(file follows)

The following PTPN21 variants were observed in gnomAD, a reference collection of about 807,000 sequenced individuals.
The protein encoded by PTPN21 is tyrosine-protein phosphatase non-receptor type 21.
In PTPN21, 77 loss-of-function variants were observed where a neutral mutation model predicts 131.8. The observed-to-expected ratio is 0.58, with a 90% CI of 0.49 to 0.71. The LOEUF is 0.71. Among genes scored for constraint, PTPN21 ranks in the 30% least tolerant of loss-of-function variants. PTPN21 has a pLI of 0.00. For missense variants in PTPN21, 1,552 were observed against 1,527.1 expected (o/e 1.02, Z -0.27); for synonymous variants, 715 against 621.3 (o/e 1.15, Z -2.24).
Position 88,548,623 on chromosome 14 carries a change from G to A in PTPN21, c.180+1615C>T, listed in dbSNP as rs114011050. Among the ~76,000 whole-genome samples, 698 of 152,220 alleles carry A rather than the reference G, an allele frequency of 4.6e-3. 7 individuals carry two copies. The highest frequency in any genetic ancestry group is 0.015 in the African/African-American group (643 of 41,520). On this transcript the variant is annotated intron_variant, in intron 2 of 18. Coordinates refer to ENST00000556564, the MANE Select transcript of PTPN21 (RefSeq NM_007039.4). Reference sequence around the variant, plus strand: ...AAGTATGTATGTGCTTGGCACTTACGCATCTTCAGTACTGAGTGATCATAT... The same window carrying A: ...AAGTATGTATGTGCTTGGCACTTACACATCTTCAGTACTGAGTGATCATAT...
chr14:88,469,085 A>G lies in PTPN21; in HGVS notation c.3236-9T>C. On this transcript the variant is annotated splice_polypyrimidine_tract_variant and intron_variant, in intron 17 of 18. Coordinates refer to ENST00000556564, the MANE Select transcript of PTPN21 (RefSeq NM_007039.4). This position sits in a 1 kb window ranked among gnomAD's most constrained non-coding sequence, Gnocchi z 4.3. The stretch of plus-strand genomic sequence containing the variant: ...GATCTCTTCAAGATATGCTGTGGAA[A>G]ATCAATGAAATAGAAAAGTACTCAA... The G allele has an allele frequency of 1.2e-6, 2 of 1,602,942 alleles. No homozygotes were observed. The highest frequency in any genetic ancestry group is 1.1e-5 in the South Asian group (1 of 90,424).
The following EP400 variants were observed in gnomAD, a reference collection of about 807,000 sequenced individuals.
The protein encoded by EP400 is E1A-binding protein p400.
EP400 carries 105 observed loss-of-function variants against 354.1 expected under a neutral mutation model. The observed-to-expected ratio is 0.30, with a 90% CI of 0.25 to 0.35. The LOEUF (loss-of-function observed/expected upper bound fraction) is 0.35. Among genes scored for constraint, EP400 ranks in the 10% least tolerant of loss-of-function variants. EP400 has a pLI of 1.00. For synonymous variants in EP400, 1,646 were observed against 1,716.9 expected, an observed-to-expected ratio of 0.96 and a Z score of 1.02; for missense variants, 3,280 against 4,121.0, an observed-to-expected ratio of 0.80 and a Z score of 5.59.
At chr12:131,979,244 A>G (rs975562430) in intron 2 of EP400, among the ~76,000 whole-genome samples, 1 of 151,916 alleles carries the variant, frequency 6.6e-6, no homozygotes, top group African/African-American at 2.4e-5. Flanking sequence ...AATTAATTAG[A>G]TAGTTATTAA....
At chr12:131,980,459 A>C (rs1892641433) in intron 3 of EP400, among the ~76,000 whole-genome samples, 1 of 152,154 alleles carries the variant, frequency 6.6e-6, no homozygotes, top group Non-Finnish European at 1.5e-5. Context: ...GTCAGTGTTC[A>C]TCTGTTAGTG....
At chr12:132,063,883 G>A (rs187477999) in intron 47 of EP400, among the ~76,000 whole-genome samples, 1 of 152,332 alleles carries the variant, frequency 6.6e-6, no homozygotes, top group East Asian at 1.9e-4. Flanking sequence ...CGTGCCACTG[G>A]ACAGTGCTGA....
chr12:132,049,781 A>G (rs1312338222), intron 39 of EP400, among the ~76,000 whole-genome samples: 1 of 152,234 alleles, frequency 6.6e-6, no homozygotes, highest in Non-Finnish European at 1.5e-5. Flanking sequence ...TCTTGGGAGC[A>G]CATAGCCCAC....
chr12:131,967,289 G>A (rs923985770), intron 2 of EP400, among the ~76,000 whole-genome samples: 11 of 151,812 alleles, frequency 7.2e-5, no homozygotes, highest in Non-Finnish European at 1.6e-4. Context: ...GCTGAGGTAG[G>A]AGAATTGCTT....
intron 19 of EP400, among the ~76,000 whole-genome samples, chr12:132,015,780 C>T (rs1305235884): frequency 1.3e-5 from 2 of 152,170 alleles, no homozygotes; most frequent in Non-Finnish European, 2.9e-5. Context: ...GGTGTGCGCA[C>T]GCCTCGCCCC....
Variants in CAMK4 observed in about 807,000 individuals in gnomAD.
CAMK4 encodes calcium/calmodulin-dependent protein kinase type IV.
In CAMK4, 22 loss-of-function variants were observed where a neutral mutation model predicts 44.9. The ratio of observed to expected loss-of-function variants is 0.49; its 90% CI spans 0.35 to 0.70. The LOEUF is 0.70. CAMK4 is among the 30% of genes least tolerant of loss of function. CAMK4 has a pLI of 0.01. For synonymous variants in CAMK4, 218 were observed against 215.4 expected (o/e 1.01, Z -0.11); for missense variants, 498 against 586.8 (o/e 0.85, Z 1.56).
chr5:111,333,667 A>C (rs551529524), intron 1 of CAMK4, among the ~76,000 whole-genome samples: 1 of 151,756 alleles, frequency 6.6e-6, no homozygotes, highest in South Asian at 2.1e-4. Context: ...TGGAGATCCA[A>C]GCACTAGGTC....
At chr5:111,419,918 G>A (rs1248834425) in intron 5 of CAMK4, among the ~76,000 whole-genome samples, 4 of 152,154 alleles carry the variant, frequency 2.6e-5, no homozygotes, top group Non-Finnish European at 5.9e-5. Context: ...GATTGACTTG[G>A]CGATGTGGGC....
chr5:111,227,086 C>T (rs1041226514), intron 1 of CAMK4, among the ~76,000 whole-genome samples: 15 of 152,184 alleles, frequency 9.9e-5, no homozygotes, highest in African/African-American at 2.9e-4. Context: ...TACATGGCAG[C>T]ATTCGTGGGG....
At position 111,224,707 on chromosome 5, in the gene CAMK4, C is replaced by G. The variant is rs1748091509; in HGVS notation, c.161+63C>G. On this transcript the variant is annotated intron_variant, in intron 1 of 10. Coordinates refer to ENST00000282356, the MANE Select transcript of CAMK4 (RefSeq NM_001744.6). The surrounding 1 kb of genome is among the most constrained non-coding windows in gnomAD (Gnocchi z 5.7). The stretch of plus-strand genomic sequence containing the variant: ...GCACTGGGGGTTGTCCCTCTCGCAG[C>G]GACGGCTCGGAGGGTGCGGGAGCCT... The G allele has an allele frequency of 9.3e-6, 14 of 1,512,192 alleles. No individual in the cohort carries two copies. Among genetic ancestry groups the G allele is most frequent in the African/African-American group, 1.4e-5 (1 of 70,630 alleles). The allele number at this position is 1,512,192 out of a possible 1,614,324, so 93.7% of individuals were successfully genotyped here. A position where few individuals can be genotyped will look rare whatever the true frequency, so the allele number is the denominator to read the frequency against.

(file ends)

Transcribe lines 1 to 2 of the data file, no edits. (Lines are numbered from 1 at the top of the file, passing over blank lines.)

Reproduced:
The following PTPN21 variants were observed in gnomAD, a reference collection of about 807,000 sequenced individuals.
The protein encoded by PTPN21 is tyrosine-protein phosphatase non-receptor type 21.